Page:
“The American people deserve an Attorney General, the chief law enforcement officer of our country, whose honesty and capability are beyond question. Attorney General Gonzales can no longer meet this standard. He has failed this country. He has lost the moral authority to lead. Comey’s testimony yesterday brings to light the latest episode in a series of questionable actions by Attorney General Gonzales. It is another part of a pattern of flawed decision making by the Attorney General.

“America is a nation of laws. In the interest of the American people, Alberto Gonzales should resign now."

White House Shifts Away from Wolfowitz For the first time since Paul Wolfowitz's employment imbroglio with Shaha Riza, the White House has shown signs of something other than unquestioned support itself from its former Deputy Secretary of Defense. The New York Times reports that Bush would be willing to have Wolfowitz resign voluntarily if the bank board dropped its drive to declare him unfit to remain in office. Meanwhile, the Associated Press reports that the World Bank Board is still deliberating what action to take against Wolfowitz.

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It took little more than 12 hours after Deputy Attorney General Paul McNulty announced that he will resign for Alberto "I accept responsibility" Gonzales to lay the U.S. attorney firings at his feet. As many have pointed out, Gonzales barely gave McNulty any time to turn around before he stabbed him in the back.

Actually, it was a clever double stab by Gonzales -- his resigned chief of staff Kyle Sampson (who's been stabbed before) collected the recommendations and it was McNulty's job to vet those recommendations. What's left for an attorney general to do?

But there is an important point to be made here. Everything that Gonzales said about the duties of the deputy attorney general is true. For instance:

The Deputy Attorney General has a unique position at the DOJ. Most of the operational authority and decisions are made by the Deputy Attorney General. He is the chief operating officer — that’s the way I’ve structured the Department. And so he occupies a very central place in the work of the Department....

Mr. Sampson provided the recommendations. The one person I would care about would be the views of the Deputy Attorney General because the Deputy Attorney General as a direct supervisor of the United States Attorneys...

Gonzales' appalling dereliction of duty has tended to obscure McNulty's appalling dereliction of duty. It shouldn't. There's plenty of blame to go around.

Here, for instance, is how McNulty's predecessor, James Comey, described the duties of the deputy attorney general:

"I was the direct supervisor of all the U.S. attorneys, and so dealt with them quite frequently on a variety of matters: resolving disputes, talking with them about resources, trying to support them in any way that I could."

"Trying to support them in any way that I could."

By contrast, we have a deputy attorney general who allowed himself to be steamrolled by his inferiors to fire eight U.S. attorneys for, in most cases, no apparent reason. And then after that was done, he helped smear their reputations in order to cover for the Department and the administration.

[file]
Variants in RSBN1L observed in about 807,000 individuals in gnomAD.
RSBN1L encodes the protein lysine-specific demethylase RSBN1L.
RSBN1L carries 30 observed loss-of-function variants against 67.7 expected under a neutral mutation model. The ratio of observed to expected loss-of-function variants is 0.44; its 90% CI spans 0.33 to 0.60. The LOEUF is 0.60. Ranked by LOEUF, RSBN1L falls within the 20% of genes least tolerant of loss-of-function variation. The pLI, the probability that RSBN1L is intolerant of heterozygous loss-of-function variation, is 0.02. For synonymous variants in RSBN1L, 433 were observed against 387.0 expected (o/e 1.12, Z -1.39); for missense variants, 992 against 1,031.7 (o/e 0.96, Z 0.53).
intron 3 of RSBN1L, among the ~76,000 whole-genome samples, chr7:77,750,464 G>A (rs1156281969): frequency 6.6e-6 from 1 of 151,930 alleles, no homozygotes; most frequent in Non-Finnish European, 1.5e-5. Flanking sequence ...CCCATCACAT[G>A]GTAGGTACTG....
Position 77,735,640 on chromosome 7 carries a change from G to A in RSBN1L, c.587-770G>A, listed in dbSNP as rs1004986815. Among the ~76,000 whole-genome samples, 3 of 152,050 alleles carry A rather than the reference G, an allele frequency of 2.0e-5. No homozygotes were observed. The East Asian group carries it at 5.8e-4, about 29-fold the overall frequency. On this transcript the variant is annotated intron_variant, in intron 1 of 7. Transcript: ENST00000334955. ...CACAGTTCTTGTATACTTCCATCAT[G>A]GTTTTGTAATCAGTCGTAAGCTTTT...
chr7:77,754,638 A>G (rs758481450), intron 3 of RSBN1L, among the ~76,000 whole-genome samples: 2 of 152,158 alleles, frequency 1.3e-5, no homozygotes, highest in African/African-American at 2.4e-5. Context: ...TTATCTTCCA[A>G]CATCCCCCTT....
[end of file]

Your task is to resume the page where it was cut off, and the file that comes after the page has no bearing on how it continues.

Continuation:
You need look no further than the case of U.S. Attorney for Nevada Daniel Bogden as a vivid example of this.

Here's McNulty meekly writing to Sampson two days before the firings that he was "a little skittish about [firing] Bogden... I'll admit I haven't looked at his district's performance." Later, he would tell congressional investigators that "he had hoped for some explanation for Bogden's inclusion on the list because he saw no apparent reason to fire him." Nevertheless, he testified to Congress that Bogden had been fired for "performance" reasons. He now says that he regrets the firing.

Maybe this was Gonzales' strategy -- to surround himself with such an eminently blameworthy staff?

What do you do if you're competing for a transportation contract with the Department of Homeland Security but don't actually own any buses? Get Duke Cunningham.

From The Blotter:

The Department of Homeland Security violated government regulations by awarding a multi-million-dollar contract to a limousine company with ties to the Duke Cunningham scandal, a recent investigation concluded....

What's more, the inspector general's report determined that DHS failed to conduct due diligence on Shirlington to ensure they could fulfill the terms of the contract, which required the company to run several shuttle buses for DHS employees and provide drivers and dispatchers for a fleet of government cars.

Shortly after Shirlington got the contract, it told DHS it did not have buses for the agency, according to the report. It said it did not have the money to buy new buses and asked for a cash advance from the department to help buy new ones, investigators found.

DHS declined the request. It took several weeks for Shirlington to lease new buses to ferry department employees to and from work, according to the report.

In his testimony today, former Deputy Attorney General James Comey described an attempt by the White House in 2004 to go behind Comey's back -- even though he was the acting attorney general because Ashcroft was hospitalized -- to get John Ashcroft's signature on the reauthorization order for the administration's warrantless wiretapping program.

Ashcroft at the time was in the intensive care unit of George Washington University Hospital with pancreatitis and was recovering from gall bladder surgery. Comey testified that the late night effort by White House counsel Alberto Gonzales and White House chief of staff Andrew Card to get Ashcroft to sign the order was a plan to "take advantage of a sick man."

But Tony Snow doesn't see what the big deal is: "Because he had an appendectomy, his brain didn't work?" (Yes, he got the organ wrong.)